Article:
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N.H. Rev. Stat. Ann. § 659:35, I, which prohibited New Hampshire voters from photographing their marked ballots and publicizing such photographs, was facially unconstitutional even applying only intermediate scrutiny. There was a substantial mismatch between New Hampshire's objectives and the ballot-selfie prohibition in § 659:35, I. Thus, New Hampshire may not restrict speech by banning ballot selfies to combat an unsubstantiated and hypothetical danger.
In the late 19th century, political parties, unions, and other organizations had the power to print their ballots. Such practice allowed the ballot-printing organizations to observe how individuals voted at the polls, which in turn created a coercive environment. During this period, the State of New Hampshire undertook a series of reforms to combat widespread vote buying and voter intimidation. In 1891, the State passed legislation requiring the Secretary of State to prepare ballots for state and federal elections. The State then passed a statute to forbid any voter from allowing his ballot to be seen by any person, intending to let it be known how he was about to vote. Said provision had been codified in relevant part in section 659:35, I. But mentioned an exception that allowed voters who need assistance marking a ballot to receive such assistance. In 2014, the legislature revised the provision. The original version of the bill amending the provision provided that no voter shall take a photograph or a digital image of his or her marked ballot. Later, that bill was signed into law. The legislative history of the bill did not contain any corroborated evidence of vote buying or voter coercion in the state during the twentieth and twenty-first centuries. Plaintiffs Leon Rideout, Andrew Langlois, and Brandon Ross filed suit under 42 U.S.C. § 1983 seeking a declaration to invalidate section 659:35, I as unconstitutional on its face and as applied, and an injunction forbidding New Hampshire from enforcing the statute. Plaintiffs were under investigation for alleged violations of section 659:35, I, which arose from their publication of ballot selfies after voting in the September 2014 Republican primary election. The district court determined that section 659:35, I was a content-based restriction on speech because it required regulators to examine the content of the speech to determine whether it included impermissible subject matter. The district court applied strict scrutiny, which required the Government to prove that the restriction furthers a compelling interest and was narrowly tailored to achieve that interest. Thus, defendant State Secretary William M. Gardner, asserted the prevention of vote buying and voter coercion as the compelling interests to justify the restriction. The district court found that although those two were compelling in the abstract, neither the legislative history nor the evidentiary record compiled by the defendant provided any support for the view that the state has an actual or imminent problem with images of completed ballots being used to facilitate either vote buying or voter coercion. The court further found that the statute was not narrowly tailored. Moreover, the court observed that defendant failed to demonstrate why narrower alternatives would not advance the purported state interests. Hence, the district court held the statute to be unconstitutional on its face and granted declaratory relief to the plaintiffs.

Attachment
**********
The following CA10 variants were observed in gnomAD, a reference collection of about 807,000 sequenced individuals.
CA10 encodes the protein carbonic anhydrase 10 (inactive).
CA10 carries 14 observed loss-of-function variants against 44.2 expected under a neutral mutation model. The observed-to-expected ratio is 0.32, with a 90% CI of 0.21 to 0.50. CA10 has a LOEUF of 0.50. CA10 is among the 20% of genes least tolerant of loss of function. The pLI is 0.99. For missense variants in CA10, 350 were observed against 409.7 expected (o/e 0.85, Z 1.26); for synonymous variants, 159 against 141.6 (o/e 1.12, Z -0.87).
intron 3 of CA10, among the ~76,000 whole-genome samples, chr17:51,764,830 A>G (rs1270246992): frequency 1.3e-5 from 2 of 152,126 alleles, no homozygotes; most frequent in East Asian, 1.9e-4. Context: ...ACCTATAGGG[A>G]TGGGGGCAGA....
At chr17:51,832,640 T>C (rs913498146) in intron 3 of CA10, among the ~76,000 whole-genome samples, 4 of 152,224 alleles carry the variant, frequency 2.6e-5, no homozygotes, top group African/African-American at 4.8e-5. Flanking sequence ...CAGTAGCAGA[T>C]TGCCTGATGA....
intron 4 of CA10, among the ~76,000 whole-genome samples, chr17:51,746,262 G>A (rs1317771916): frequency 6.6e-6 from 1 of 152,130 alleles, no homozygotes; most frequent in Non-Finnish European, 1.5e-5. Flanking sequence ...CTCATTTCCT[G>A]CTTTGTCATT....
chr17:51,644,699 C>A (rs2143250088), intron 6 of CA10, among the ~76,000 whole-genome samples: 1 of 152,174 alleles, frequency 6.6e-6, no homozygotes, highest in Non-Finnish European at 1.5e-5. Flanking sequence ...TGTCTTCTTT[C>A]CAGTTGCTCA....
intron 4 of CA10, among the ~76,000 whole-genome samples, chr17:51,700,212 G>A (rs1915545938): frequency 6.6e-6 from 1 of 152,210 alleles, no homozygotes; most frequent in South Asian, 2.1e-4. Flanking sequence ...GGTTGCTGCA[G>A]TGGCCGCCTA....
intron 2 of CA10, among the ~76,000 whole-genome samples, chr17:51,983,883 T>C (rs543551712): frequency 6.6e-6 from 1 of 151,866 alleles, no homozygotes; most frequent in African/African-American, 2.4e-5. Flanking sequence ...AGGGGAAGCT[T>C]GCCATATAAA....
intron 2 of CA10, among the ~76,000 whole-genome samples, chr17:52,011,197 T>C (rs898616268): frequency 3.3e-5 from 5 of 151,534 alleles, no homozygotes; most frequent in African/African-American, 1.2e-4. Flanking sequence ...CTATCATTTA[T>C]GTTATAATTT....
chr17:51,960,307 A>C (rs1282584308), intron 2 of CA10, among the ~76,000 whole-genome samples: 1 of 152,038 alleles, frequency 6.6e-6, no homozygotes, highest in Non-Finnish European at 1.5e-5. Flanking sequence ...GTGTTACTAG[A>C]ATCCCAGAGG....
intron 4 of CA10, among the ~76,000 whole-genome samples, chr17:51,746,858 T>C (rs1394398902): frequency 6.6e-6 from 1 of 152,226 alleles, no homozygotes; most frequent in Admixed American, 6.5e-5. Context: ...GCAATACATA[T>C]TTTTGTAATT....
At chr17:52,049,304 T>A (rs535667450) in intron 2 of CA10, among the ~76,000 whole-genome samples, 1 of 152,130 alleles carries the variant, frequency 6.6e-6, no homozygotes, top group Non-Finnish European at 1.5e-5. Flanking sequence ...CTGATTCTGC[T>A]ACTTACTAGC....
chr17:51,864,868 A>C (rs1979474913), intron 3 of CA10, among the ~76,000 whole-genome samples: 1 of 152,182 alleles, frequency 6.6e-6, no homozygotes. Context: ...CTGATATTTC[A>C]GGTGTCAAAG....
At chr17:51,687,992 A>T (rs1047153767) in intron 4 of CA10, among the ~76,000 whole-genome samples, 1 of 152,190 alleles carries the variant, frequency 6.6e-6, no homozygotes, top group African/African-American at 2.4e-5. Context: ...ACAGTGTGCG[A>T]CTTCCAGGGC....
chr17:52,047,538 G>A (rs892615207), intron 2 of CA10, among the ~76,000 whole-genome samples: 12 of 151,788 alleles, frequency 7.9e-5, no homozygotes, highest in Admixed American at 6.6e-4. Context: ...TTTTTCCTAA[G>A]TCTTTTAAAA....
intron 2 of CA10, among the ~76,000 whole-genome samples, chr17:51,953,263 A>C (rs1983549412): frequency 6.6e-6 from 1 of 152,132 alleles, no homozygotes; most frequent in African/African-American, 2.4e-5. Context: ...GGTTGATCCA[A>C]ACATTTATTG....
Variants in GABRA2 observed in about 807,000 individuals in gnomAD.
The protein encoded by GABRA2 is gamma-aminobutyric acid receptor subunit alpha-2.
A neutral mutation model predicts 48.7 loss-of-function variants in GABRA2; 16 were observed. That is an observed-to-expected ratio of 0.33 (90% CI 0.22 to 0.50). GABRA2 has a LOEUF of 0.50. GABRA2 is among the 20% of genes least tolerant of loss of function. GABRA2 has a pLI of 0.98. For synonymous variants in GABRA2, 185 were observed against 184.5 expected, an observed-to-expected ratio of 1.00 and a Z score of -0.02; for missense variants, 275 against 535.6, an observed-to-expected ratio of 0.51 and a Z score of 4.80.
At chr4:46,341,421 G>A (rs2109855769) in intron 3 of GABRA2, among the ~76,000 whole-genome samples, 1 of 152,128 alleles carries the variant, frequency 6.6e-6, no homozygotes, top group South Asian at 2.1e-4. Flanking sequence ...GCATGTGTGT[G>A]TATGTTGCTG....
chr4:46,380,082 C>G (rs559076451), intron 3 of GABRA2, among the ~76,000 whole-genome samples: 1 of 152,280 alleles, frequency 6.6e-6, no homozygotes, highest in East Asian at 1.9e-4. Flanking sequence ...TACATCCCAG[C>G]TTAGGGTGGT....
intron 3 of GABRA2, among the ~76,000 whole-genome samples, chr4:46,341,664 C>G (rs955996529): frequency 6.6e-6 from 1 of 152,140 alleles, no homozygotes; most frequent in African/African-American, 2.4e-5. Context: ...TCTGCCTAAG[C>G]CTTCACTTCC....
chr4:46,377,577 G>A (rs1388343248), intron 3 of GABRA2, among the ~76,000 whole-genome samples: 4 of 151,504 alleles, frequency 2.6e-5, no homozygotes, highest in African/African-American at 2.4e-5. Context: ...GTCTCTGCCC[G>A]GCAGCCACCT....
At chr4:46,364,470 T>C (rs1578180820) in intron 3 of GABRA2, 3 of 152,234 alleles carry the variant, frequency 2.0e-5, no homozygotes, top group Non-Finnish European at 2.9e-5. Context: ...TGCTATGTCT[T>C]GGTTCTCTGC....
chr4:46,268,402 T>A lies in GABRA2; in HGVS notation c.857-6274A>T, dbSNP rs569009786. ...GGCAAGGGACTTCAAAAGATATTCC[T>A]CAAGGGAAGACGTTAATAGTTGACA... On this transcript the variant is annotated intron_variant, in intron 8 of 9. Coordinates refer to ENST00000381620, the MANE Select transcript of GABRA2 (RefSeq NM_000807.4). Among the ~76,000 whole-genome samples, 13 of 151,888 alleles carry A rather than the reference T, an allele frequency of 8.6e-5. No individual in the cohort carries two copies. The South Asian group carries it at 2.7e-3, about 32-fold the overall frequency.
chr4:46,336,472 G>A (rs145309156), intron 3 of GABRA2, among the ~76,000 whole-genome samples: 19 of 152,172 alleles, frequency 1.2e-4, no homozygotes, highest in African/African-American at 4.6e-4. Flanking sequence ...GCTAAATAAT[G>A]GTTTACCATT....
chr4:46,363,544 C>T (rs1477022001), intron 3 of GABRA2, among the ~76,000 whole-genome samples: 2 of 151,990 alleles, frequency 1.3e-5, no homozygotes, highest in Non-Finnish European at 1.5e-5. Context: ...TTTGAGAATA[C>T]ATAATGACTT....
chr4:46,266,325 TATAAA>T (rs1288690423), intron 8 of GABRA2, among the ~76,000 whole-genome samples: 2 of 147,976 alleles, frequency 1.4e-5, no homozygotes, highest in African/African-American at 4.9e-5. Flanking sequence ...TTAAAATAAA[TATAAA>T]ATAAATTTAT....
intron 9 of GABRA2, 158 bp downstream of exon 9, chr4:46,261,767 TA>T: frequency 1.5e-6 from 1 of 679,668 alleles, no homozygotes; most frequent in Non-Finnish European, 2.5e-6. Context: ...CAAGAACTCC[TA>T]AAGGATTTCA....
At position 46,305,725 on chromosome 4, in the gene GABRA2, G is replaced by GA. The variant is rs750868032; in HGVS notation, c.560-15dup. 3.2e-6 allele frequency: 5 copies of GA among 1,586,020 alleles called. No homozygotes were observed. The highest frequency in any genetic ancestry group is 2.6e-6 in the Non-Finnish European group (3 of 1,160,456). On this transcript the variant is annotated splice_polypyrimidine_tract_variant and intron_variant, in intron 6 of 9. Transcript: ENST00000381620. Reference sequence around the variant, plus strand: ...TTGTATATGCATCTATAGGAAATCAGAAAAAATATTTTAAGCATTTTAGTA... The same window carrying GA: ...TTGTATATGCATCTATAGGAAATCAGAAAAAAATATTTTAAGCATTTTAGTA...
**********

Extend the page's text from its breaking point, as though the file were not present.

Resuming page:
Was the statute in question which prohibited the voters from photographing their marked ballots and publicizing such photographs unconstitutional on its face?
The court affirmed the judgment. The court held that revised N.H. Rev. Stat. Ann. § 659:35, I, which prohibited the voters from photographing their marked ballots and publicizing such photographs, was facially unconstitutional even applying only intermediate scrutiny. The court ruled that although the defendant argued that the statute was justified as a prophylactic measure to prevent new technology from facilitating future vote buying and voter coercion, the statute's purposes cannot justify the restrictions it imposed on speech. The court found a substantial mismatch between the state’s objectives and the ballot-selfie prohibition in § 659:35, I. Lastly, the court concluded that the state may not impose such a broad restriction on speech by banning ballot selfies to combat an unsubstantiated and hypothetical danger.